Snyders positive action just might work Pass it on
It is interesting to note that groups and associations formed to assist businesses and their owners now fill agendas to assist the public sector: governments. Scenarios built on the premise of public/private partnerships and cooperative effort leave one to wonder who is minding the store. If Gov. Rick Snyder is correct that the psyche of all things negative (in regard to the state of Michigan) impact the success of business, then the national politicking of doom and disaster would seem a business certainty.
The facts of economic data reported at June’s close, however, continue to be positive with slow but continued growth. Is that because of Snyder’s admonishment to retain an attitude of “relentless positive action”?
Brian Long, director of Supply Chain Management Research at Grand Valley State University Seidman College of Business, notes other factors in predicting continued economic growth:
—Japanese firms expect to return to near normal business by September “much earlier than expected.” And, he added, “Automotive parts producers are reporting that schedule reductions from Japanese parts shortages appear to be over.”
—The Greek financial crisis has abated, stabilizing financial markets.
—The immediate benefit of changes to Michigan’s business tax, now a flat tax of 6 percent on profits, is expected to help retain Michigan companies and jobs.
—Industrial inflation concerns have subsided, with price indexes down six points. Steel and some plastic resin prices are reported to be moderating or falling.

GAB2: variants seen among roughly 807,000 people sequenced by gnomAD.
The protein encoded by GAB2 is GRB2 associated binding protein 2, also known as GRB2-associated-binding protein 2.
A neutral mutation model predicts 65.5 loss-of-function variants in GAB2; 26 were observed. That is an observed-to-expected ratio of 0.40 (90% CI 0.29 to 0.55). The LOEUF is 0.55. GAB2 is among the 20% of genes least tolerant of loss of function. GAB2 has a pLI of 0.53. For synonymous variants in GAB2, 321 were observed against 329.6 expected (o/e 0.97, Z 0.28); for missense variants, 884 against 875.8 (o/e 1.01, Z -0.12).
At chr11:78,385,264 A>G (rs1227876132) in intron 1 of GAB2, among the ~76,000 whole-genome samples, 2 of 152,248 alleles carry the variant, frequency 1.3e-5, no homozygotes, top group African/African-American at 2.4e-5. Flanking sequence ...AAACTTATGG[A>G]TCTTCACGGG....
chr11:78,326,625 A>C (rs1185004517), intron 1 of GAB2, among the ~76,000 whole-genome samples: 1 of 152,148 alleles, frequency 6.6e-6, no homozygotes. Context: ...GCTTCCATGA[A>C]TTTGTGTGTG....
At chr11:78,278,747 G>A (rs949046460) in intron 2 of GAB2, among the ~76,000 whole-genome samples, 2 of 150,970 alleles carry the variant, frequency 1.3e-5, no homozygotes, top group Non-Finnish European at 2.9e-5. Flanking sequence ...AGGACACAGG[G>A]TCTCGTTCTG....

—New orders are up 6 points, purchasing is up 4, and the employment index continues to be strong.
Slow economic growth in the country continues, despite oil price increases that define the word “skyrocketing,” issues in Libya, consecutive months of devastating and destructive weather including tornadoes, flooding and fires — all with continuing ramifications.
Long’s report also gives evidence that Michigan’s economy could grow faster than the national economy with continued growth in automotive sales. National retailing reports measured a significant uptick in consumer confidence and positive predictions for the back-to-school and looming holiday season. The Associated Press reported that June national retail sales numbers were the most positive since 1999.
Perhaps Snyder is right with his supplication for relentless positive action. Pass it on.